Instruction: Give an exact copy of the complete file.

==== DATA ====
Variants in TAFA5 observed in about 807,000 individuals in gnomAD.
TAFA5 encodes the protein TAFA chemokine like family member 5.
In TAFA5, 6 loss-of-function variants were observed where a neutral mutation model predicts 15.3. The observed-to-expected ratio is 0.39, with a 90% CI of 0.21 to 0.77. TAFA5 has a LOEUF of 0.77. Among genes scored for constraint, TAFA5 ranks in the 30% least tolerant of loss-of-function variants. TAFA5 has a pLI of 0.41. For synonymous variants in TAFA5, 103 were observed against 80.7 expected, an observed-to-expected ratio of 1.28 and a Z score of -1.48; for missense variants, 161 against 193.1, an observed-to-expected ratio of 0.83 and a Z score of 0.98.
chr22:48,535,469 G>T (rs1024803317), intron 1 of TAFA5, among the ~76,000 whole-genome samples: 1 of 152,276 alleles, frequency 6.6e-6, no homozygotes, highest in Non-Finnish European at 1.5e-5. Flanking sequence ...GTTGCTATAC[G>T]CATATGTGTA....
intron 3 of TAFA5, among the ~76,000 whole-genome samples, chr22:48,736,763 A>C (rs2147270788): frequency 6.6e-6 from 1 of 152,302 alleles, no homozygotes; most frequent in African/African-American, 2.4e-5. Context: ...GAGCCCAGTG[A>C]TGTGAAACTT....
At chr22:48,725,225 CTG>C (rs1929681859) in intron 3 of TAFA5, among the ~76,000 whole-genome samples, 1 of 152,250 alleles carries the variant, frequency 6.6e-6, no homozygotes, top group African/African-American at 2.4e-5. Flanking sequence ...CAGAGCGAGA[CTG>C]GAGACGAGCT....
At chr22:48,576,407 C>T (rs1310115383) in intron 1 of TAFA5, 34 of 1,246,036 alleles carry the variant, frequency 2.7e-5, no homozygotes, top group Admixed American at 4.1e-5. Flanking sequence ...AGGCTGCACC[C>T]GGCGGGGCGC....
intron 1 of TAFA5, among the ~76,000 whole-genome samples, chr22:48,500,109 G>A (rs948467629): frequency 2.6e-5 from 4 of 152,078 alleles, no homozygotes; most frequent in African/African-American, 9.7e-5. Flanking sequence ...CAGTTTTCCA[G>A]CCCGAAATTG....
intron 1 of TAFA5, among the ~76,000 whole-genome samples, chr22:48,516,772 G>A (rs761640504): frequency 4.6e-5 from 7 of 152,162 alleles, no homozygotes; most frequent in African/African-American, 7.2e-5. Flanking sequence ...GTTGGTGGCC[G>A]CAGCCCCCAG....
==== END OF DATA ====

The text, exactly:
Variants in TAFA5 observed in about 807,000 individuals in gnomAD.
TAFA5 encodes the protein TAFA chemokine like family member 5.
In TAFA5, 6 loss-of-function variants were observed where a neutral mutation model predicts 15.3. The observed-to-expected ratio is 0.39, with a 90% CI of 0.21 to 0.77. TAFA5 has a LOEUF of 0.77. Among genes scored for constraint, TAFA5 ranks in the 30% least tolerant of loss-of-function variants. TAFA5 has a pLI of 0.41. For synonymous variants in TAFA5, 103 were observed against 80.7 expected, an observed-to-expected ratio of 1.28 and a Z score of -1.48; for missense variants, 161 against 193.1, an observed-to-expected ratio of 0.83 and a Z score of 0.98.
chr22:48,535,469 G>T (rs1024803317), intron 1 of TAFA5, among the ~76,000 whole-genome samples: 1 of 152,276 alleles, frequency 6.6e-6, no homozygotes, highest in Non-Finnish European at 1.5e-5. Flanking sequence ...GTTGCTATAC[G>T]CATATGTGTA....
intron 3 of TAFA5, among the ~76,000 whole-genome samples, chr22:48,736,763 A>C (rs2147270788): frequency 6.6e-6 from 1 of 152,302 alleles, no homozygotes; most frequent in African/African-American, 2.4e-5. Context: ...GAGCCCAGTG[A>C]TGTGAAACTT....
At chr22:48,725,225 CTG>C (rs1929681859) in intron 3 of TAFA5, among the ~76,000 whole-genome samples, 1 of 152,250 alleles carries the variant, frequency 6.6e-6, no homozygotes, top group African/African-American at 2.4e-5. Flanking sequence ...CAGAGCGAGA[CTG>C]GAGACGAGCT....
At chr22:48,576,407 C>T (rs1310115383) in intron 1 of TAFA5, 34 of 1,246,036 alleles carry the variant, frequency 2.7e-5, no homozygotes, top group Admixed American at 4.1e-5. Flanking sequence ...AGGCTGCACC[C>T]GGCGGGGCGC....
intron 1 of TAFA5, among the ~76,000 whole-genome samples, chr22:48,500,109 G>A (rs948467629): frequency 2.6e-5 from 4 of 152,078 alleles, no homozygotes; most frequent in African/African-American, 9.7e-5. Flanking sequence ...CAGTTTTCCA[G>A]CCCGAAATTG....
intron 1 of TAFA5, among the ~76,000 whole-genome samples, chr22:48,516,772 G>A (rs761640504): frequency 4.6e-5 from 7 of 152,162 alleles, no homozygotes; most frequent in African/African-American, 7.2e-5. Flanking sequence ...GTTGGTGGCC[G>A]CAGCCCCCAG....